versatile. It is for this reason that iconographic representations of orators in statues and on coinage all stress the position of the speaker's arms and hands in movement. If the speaker wished to make an exhortation, he would hold up his right hand with the fingers slightly cupped. For occasions when he wished to show grief or anger, the speaker would clench his right hand to his chest, usually over his heart. Another gesture to indicate exhortation, or perhaps reproach depending on the situation, involved touching the chest lightly with the fingertips of a cupped hand. This gesture, however, was only to be employed sparingly, according to Quintilian. 2 In most cases, the right hand was the hand most often associated with gestures while speaking, perhaps because the left would be holding the scroll which contained the text ofthe speech. 3 From the period ofthe Republic into the Principate, the type of gestures commonly employed in public speaking increased in complexity. By the mid-first century A.D., the non-verbal complements available to orators became more elaborate and the limits of acceptable behaviour expanded so that orators were expected to employ gestures more often and with more enthusiasm. Despite the increase in gesticulation, it was always necessary that the audience could easily identify the particular gestures and their assumed significance with ease. According to Gregory Aldrete, on account of the lower degree of individual freedom enjoyed by orators under the emperors, the use of gestures and rhetorical speeches in public often increased in times of crisis.4 With the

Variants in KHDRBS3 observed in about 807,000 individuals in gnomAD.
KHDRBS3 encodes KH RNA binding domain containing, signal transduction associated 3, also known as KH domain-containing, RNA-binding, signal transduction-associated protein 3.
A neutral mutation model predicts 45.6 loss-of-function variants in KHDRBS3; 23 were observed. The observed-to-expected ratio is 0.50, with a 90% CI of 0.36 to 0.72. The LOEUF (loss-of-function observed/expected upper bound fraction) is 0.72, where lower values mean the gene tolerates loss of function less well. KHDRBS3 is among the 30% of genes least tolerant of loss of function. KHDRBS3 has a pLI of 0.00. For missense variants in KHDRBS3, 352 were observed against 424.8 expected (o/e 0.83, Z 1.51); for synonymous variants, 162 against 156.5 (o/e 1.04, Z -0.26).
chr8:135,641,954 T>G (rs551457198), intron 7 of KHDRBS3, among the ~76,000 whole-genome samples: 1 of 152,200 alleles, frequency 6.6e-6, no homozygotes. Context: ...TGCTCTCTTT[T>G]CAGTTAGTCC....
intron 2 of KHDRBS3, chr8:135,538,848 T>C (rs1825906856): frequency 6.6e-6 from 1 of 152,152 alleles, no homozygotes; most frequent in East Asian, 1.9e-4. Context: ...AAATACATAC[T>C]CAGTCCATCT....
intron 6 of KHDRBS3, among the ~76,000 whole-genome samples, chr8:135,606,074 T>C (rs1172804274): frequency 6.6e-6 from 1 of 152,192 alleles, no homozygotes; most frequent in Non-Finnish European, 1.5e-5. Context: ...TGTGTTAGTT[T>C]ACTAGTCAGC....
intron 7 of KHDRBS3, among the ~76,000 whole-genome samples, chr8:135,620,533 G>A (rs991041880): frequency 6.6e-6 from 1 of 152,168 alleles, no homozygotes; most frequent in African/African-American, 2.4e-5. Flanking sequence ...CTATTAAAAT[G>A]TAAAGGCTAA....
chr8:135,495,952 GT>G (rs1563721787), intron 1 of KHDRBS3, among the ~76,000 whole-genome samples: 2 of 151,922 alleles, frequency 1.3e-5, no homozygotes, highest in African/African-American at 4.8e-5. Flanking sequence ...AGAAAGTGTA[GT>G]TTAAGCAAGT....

2